What is the pathophysiology of acute hemolytic transfusion reactions?

Updated: Jan 12, 2021
  • Author: S Gerald Sandler, MD, FCAP, FACP; Chief Editor: Emmanuel C Besa, MD  more...
  • Print

Acute hemolytic transfusion reactions may be either immune-mediated or nonimmune-mediated. Immune-mediated hemolytic transfusion reactions caused by immunoglobulin M (IgM) anti-A, anti-B, or anti-A,B typically result in severe, potentially fatal complement-mediated intravascular hemolysis. Immune-mediated hemolytic reactions caused by IgG, Rh, Kell, Duffy, or other non-ABO antibodies typically result in extravascular sequestration, shortened survival of transfused red cells, and relatively mild clinical reactions. [15]

Acute hemolytic transfusion reactions due to immune hemolysis may occur in patients who have no antibodies detectable by routine laboratory procedures. [16] Experimental evidence supports a central role for cytokines in the pathophysiology of hemolytic transfusion reactions. Tumor necrosis factor appears to be the most commonly identified mediator of intravascular coagulation and end-organ injury but other cytokines have also been implicated, including interleukin (IL)-8, monocyte chemoattractant protein, and IL-1 receptor antagonist. [17, 18]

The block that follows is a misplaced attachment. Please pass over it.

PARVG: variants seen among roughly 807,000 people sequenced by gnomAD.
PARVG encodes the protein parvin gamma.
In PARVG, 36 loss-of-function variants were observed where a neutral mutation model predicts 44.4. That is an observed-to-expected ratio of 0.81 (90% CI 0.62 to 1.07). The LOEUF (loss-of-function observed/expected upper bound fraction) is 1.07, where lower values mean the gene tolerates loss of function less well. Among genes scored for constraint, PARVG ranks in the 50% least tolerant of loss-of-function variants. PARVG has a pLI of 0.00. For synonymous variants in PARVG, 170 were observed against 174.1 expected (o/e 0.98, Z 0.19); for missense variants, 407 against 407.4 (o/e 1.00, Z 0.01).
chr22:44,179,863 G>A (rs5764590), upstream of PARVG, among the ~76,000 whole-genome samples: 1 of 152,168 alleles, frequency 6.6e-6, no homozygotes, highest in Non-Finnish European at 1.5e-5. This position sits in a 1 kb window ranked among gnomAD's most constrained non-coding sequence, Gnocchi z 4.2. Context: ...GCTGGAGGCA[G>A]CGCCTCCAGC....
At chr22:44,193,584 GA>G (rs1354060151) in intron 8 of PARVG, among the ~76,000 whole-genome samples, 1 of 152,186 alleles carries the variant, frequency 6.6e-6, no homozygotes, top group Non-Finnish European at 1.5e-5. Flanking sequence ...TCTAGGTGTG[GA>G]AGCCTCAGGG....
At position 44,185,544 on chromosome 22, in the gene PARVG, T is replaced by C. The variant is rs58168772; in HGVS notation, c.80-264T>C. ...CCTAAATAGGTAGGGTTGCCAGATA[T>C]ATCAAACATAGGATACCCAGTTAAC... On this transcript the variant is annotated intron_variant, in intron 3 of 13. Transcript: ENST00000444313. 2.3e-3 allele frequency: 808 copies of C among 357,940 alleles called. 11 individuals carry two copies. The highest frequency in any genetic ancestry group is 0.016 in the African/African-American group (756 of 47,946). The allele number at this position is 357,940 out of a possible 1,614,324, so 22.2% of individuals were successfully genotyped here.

Nonimmune hemolytic transfusion reactions occur when red blood cells (RBCs) are damaged before transfusion, resulting in hemoglobinemia and hemoglobinuria without significant clinical symptoms. [19]

Did this answer your question?
Additional feedback? (Optional)
Thank you for your feedback!